For a woman to wear a fragrance called Beautiful…but what if she’s not beautiful?


– Ira Levy, Sr. vice president of corporate marketing at Estee Lauder, 1986.

In 1986, Beautiful was everywhere: in stores, on televisions, in magazines and hope chests.  Formulated by a cabal of perfumers, everything about Beautiful was big – the launch events (including a mock wedding), the ingredients (the essence of 2000 flowers), the sillage (see below)…

My first Beautiful experience was with the parfum – amber sweet, made from orchard fruit, but not the juice – the peels. It’s lovely, but only comes in one size: Gypsy Traveller Wedding Gown.

In Perfumes: The A-Z Guide, Luca Turin describes Beautiful as a “rich, tobacco tinged rose”. Sounds gorgeous, doesn’t it?


When I first smelled the eau de parfum, all I got was sweet and soapy aldehydes. It smelled nice, but it didn’t smell much like a perfume. I tried it a couple of times and the results were the same. Still nice. Still not a perfume.

Months later, I decided to give it another try. This time I sprayed the perfume on paper. Beautiful quickly filled the room and came alive! Here’s a little play-by-play:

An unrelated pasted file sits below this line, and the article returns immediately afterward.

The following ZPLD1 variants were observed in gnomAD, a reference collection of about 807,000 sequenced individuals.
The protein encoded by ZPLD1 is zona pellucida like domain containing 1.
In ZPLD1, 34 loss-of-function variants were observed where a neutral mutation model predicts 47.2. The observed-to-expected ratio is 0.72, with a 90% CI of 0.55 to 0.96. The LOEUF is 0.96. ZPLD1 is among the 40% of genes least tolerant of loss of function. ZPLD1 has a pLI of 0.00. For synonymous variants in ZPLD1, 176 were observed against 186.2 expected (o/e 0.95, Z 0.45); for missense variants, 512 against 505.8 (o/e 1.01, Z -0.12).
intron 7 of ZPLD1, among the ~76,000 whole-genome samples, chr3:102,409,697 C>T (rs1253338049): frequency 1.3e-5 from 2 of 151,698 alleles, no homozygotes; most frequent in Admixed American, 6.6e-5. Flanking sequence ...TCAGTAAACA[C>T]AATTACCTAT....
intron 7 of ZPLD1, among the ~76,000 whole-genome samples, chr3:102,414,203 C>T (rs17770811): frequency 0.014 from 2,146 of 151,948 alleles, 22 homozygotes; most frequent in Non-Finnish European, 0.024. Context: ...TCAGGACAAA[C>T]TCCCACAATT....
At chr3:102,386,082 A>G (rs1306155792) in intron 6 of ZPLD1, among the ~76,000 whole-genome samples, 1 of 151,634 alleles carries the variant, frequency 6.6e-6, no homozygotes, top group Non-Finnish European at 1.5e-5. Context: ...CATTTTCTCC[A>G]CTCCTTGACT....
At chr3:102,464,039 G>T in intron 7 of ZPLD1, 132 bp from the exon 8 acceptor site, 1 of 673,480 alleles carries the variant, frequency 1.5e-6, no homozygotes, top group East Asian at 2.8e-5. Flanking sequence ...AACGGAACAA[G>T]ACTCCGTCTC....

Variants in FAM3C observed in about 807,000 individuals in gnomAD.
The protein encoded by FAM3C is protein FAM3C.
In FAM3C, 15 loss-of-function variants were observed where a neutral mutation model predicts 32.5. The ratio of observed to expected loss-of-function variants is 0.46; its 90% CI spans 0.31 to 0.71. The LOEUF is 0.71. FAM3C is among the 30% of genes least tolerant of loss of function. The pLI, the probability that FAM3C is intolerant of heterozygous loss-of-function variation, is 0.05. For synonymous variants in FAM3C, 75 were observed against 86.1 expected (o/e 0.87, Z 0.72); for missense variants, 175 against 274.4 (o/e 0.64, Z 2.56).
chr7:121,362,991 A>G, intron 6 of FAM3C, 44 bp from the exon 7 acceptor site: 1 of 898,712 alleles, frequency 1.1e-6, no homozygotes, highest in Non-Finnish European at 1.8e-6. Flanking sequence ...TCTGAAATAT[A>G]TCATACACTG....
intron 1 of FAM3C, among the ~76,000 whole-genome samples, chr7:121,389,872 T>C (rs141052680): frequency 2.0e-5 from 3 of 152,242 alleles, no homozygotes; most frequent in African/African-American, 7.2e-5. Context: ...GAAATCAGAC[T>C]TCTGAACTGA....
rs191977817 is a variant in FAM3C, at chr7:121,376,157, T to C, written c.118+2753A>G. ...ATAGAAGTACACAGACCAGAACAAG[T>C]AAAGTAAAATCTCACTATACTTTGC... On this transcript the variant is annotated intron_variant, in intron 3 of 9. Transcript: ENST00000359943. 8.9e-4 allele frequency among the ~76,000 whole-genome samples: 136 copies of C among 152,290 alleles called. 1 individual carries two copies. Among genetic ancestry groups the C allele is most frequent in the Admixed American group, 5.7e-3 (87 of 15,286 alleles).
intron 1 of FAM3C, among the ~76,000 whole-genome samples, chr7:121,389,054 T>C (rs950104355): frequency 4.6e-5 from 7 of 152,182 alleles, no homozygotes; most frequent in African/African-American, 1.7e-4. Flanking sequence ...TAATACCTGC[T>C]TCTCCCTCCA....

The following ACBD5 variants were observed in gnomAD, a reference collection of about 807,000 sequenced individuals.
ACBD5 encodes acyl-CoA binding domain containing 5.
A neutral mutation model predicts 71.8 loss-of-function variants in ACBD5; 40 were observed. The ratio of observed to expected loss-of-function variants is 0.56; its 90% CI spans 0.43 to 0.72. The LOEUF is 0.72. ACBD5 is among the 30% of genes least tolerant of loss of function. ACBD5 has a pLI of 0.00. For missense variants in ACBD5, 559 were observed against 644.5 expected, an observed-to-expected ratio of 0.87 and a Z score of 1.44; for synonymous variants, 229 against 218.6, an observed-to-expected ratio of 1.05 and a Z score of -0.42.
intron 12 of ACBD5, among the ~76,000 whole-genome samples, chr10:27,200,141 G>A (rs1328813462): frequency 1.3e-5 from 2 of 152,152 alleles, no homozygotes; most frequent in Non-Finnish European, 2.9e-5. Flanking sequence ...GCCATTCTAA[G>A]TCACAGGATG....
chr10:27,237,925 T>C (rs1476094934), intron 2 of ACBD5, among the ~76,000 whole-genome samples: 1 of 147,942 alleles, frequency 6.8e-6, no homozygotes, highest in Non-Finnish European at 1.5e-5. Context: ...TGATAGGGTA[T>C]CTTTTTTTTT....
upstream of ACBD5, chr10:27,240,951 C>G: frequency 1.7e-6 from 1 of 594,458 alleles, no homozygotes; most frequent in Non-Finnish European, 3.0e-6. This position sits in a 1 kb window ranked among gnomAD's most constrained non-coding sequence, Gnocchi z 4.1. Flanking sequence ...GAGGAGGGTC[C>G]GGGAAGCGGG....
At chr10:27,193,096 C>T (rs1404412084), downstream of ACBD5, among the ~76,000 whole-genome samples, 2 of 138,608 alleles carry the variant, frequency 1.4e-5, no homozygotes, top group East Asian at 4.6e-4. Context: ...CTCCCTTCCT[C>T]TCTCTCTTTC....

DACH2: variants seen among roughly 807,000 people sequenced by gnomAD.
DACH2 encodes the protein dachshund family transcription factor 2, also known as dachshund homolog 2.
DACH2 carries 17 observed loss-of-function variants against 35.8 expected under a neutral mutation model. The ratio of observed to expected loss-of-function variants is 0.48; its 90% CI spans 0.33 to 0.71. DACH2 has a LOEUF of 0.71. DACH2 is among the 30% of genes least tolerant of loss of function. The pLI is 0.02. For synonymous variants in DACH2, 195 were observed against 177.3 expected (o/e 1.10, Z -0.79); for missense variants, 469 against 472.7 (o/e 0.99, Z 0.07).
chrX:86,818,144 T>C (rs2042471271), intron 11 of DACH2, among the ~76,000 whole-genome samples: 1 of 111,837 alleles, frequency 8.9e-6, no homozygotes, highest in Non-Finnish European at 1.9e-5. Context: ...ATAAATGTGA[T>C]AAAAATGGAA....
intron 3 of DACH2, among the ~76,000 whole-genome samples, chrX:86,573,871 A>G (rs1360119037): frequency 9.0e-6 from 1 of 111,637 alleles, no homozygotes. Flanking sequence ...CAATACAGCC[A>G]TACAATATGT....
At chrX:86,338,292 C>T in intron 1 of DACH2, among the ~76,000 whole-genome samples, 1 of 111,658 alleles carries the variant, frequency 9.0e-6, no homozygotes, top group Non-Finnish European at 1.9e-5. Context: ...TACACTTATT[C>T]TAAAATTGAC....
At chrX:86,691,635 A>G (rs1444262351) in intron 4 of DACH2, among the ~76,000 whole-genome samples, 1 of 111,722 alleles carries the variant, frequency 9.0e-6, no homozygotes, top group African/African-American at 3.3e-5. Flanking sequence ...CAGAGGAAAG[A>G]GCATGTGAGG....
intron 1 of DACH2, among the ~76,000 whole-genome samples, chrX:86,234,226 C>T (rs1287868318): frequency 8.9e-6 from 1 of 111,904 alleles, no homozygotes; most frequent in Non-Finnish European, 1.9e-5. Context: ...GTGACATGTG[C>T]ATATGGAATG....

Whooo-eeee! This here perfume’s packing BIG sillage!


Ah ha!- there’s the tobacco! Oooh, is that tuberose? Peach? 

I still couldn’t smell any rose, but I shrugged it off. I had something else to smell in mind. I’m not sure what triggered the idea. It might have been the tobacco…. It might have been a hormonal surge…It might have been in spite of those tired wedding ads…I wanted to smell Beautiful on a man.

 

My darling husband volunteered his neck for testing purposes. I sprayed the eau de parfum on him while he was shaving. He would soon be in the shower – if it smelled terrible on him, he wouldn’t have to deal with it for long.

Beautiful smelled great on him, better than it did on me. He couldn’t smell the rose either – if he did, he would have screamed as if I sprayed him with acid (not a fan of rose perfumes, obviously).

I could still smell it after his shower, but most of the sweetness had been washed away. I buried my nose in his neck to try to get a better whiff, and there it was…rose.

So, how do you solve a problem like Beautiful? Easy – spray it on a man.

Sources:
As Gorgeous as it Gets by Kennedy Fraser, The New Yorker, Sept.15, 1986
Brand New: How Entrepreneurs Earned Consumers’ Trust, from Wedgewood to Dell by Nancy Fowler Koehn
Image of Freddie Mercury, one of the most beautiful men ever: Humus


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